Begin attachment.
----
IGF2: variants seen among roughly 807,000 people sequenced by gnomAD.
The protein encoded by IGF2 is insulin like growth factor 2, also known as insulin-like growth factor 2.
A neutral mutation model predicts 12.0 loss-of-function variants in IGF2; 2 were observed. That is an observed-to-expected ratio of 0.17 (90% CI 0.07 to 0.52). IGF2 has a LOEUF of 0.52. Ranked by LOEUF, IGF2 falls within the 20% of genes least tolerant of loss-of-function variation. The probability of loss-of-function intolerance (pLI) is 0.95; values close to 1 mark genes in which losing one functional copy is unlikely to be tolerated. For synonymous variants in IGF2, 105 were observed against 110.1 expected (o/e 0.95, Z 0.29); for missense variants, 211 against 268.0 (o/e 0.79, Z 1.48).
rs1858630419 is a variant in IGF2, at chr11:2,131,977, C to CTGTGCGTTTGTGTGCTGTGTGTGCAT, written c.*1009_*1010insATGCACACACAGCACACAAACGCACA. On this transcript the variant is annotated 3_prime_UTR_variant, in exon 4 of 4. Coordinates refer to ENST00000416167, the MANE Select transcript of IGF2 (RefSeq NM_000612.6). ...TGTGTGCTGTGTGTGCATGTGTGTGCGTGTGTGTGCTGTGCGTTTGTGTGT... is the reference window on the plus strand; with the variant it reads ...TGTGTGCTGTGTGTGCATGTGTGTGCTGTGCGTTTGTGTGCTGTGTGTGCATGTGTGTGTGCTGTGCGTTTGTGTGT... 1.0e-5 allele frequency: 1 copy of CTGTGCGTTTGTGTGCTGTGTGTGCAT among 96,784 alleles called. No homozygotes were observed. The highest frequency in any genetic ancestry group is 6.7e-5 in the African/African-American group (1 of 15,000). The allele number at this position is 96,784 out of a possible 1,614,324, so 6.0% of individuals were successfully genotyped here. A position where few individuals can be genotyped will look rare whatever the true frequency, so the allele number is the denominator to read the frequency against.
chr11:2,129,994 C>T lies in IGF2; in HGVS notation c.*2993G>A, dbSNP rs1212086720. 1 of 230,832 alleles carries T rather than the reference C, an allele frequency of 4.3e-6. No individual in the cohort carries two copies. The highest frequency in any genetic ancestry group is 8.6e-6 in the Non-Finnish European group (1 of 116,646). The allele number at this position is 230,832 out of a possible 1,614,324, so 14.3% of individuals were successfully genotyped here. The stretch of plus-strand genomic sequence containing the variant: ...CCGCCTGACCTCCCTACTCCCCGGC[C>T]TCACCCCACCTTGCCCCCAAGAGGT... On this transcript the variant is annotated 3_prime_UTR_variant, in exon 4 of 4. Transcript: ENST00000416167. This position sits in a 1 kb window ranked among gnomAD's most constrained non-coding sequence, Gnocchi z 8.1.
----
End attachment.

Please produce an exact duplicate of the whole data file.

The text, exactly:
IGF2: variants seen among roughly 807,000 people sequenced by gnomAD.
The protein encoded by IGF2 is insulin like growth factor 2, also known as insulin-like growth factor 2.
A neutral mutation model predicts 12.0 loss-of-function variants in IGF2; 2 were observed. That is an observed-to-expected ratio of 0.17 (90% CI 0.07 to 0.52). IGF2 has a LOEUF of 0.52. Ranked by LOEUF, IGF2 falls within the 20% of genes least tolerant of loss-of-function variation. The probability of loss-of-function intolerance (pLI) is 0.95; values close to 1 mark genes in which losing one functional copy is unlikely to be tolerated. For synonymous variants in IGF2, 105 were observed against 110.1 expected (o/e 0.95, Z 0.29); for missense variants, 211 against 268.0 (o/e 0.79, Z 1.48).
rs1858630419 is a variant in IGF2, at chr11:2,131,977, C to CTGTGCGTTTGTGTGCTGTGTGTGCAT, written c.*1009_*1010insATGCACACACAGCACACAAACGCACA. On this transcript the variant is annotated 3_prime_UTR_variant, in exon 4 of 4. Coordinates refer to ENST00000416167, the MANE Select transcript of IGF2 (RefSeq NM_000612.6). ...TGTGTGCTGTGTGTGCATGTGTGTGCGTGTGTGTGCTGTGCGTTTGTGTGT... is the reference window on the plus strand; with the variant it reads ...TGTGTGCTGTGTGTGCATGTGTGTGCTGTGCGTTTGTGTGCTGTGTGTGCATGTGTGTGTGCTGTGCGTTTGTGTGT... 1.0e-5 allele frequency: 1 copy of CTGTGCGTTTGTGTGCTGTGTGTGCAT among 96,784 alleles called. No homozygotes were observed. The highest frequency in any genetic ancestry group is 6.7e-5 in the African/African-American group (1 of 15,000). The allele number at this position is 96,784 out of a possible 1,614,324, so 6.0% of individuals were successfully genotyped here. A position where few individuals can be genotyped will look rare whatever the true frequency, so the allele number is the denominator to read the frequency against.
chr11:2,129,994 C>T lies in IGF2; in HGVS notation c.*2993G>A, dbSNP rs1212086720. 1 of 230,832 alleles carries T rather than the reference C, an allele frequency of 4.3e-6. No individual in the cohort carries two copies. The highest frequency in any genetic ancestry group is 8.6e-6 in the Non-Finnish European group (1 of 116,646). The allele number at this position is 230,832 out of a possible 1,614,324, so 14.3% of individuals were successfully genotyped here. The stretch of plus-strand genomic sequence containing the variant: ...CCGCCTGACCTCCCTACTCCCCGGC[C>T]TCACCCCACCTTGCCCCCAAGAGGT... On this transcript the variant is annotated 3_prime_UTR_variant, in exon 4 of 4. Transcript: ENST00000416167. This position sits in a 1 kb window ranked among gnomAD's most constrained non-coding sequence, Gnocchi z 8.1.